Monday, September 21, 2009

Post Script...

A close friend recommended I watch a movie called 'P S I Love You' after Shekhar passed away. "Give it some time before you do because you might find it hard to watch right now," she had said. A few months ago, I serendipitously found a DVD of the film and bought it. I gave it a month or so before I watched it for the first time. I cried all through...then I watched it again yesterday, with subtitles, and cried again.

For those who haven't seen it, the film is about a young widow who receives posthumous letters from her husband through the first year after he dies from a brain tumour. It's a formulaic romantic comedy ending in true Hollywood style with hope, all loose ends tied up and an amazing emotional recovery. The story stops while the going is good with potential for a happily ever after. Unfortunately, real life isn't so easy.

It is 17 months now and frankly I am finding it harder now than I did in the immediate aftermath. It is because both you and the world are forgiving as you go through the upheaval of the first year, there's so much to deal with and get through. It is like the anaesthetic given to you during surgery. While you are under its influence, you just go through the befuddled motions, putting one step after another. Then the effect starts to wear off...Most stories and books on grief stop here or pick up several years later. I have yet to find one that tells you how to get through the second, and by far, the most difficult year when life continues its quotidian onslaught, the world expects recovery and you are only just figuring out that this is a permanent state of affairs, as hope of a miraculous return to life as before begins to fade...there is no escape, no rescue, no reprieve... the unanswered why still remains.

We experience such hubris when we are in a relationship. We are made visible by the other, by their touch, their words, their looking at us...bearing witness to our lives. We feel we belong, we have a haven where we are accepted, warts and all. We have someone in our corner, whom we can wake up at 2 a.m. with our fears, uncertainties and think it will last a lifetime and sometimes it does, till death do you part. Death did us part, Shekhar and I, and the hubris went with him. The thing about widowhood is, it is not a choice one makes. It happens and suddenly you are left alone and incomplete - one half of something that does not exist any more. Life continues, time elapses, grief persists... It is not a movie, it does not end, one does not get to take it out of the DVD player and put it back in its box...and there is no Post Script that says I Love You.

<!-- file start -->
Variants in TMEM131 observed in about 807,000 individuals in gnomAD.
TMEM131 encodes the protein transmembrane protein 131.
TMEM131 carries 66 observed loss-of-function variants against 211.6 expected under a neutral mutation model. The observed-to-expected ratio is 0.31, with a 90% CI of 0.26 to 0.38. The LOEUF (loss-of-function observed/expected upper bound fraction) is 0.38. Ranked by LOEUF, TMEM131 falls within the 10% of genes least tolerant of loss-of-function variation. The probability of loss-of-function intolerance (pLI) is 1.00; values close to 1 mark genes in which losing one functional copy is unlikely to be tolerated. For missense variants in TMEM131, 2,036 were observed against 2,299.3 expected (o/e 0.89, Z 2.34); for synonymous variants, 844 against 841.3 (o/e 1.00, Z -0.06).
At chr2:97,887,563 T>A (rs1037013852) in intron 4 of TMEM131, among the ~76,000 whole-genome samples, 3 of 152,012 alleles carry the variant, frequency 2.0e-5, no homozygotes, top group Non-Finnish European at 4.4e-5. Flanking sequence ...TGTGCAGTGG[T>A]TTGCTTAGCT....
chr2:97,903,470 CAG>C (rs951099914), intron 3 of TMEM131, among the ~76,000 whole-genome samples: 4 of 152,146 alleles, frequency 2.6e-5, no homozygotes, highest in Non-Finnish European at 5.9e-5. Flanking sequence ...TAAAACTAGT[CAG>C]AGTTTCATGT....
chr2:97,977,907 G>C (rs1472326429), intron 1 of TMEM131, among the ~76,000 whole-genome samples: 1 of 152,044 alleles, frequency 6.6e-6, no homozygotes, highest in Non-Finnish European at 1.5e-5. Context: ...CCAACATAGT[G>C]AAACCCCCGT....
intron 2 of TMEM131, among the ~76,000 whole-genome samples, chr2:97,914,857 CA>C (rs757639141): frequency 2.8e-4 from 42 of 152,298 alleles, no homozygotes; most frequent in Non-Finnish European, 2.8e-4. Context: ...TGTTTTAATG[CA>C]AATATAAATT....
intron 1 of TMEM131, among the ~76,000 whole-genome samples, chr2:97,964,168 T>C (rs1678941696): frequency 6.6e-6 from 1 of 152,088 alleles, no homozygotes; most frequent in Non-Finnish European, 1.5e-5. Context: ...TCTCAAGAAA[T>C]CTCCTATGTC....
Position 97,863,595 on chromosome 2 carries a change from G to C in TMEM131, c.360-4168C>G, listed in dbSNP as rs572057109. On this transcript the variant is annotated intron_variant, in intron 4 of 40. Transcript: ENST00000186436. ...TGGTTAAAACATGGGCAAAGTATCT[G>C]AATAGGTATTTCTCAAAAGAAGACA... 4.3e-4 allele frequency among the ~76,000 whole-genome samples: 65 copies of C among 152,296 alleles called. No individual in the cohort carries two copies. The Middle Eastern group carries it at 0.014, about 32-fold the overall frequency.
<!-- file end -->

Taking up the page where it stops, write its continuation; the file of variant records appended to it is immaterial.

The odour from the flower is gone
Which like thy kisses breathed on me;
The colour from the flower is flown
Which glowed of thee and only thee!
A shrivelled, lifeless, vacant form,
it lies on my abandoned breast;
And mocks the heart, which is yet warm,
With cold and silent rest.
I weep--my tears revive it not;
I sigh--it breathes no more on me;
Its mute and uncomplaining lot
Is such as mine should be.

On a dead violet by P B Shelley


So take a good look at my face
You'll see my smile looks out of place
If you look closer, it's easy to trace
The tracks of my tears

From 'The tracks of my tears' by Smokey Robinson & The Miracles

Saturday, September 12, 2009

I have become a prayer

I stopped believing in God the night Shekhar died. I didn't stop praying though. I prayed in the hope that the belief would return. That the faith with which I entrusted my hopes, dreams and wishes to the Unseen One, ever since I could remember, would find its way back to me. I do it involuntarily, like breathing.

One summer holiday, our Aunt came to spend time with us. I was nine. She was horrified that we made the sign of the cross while passing a Church and could recite the Lord's Prayer but not our own. She took it upon herself to rectify this glaring deficit in our character. My sisters and I spent what seemed like a very long, hot summer studying Gurmukhi and learning how to read the Granth Sahib. I am eternally grateful to her because when she left at the end of the season, I had realized prayer had a method, a technique, a power I hadn't experienced till then. I was never alone or afraid as long as I could pray.

Prayer has since got me through good and bad times, rough and smooth, ups and downs and in-betweens. I stopped asking for things in my prayers when I realized nothing I could ever imagine for myself could match what God had planned for me. Little did I know...

So now there is anger, recrimination and prayer. But a strange thing has happened since the night Shekhar went...I pray - in supplication, in surrender, in hope, in gratitude. I ask for help, I ask for strength, I ask for guidance, I ask for always. Only now I don't know if I'm praying to God or Shekhar...his name slips so easily off my lips. The human has mingled with the divine...God now has a face...


I sit in silent wonder at all I understand.
I am not actively praying.
I have become a prayer.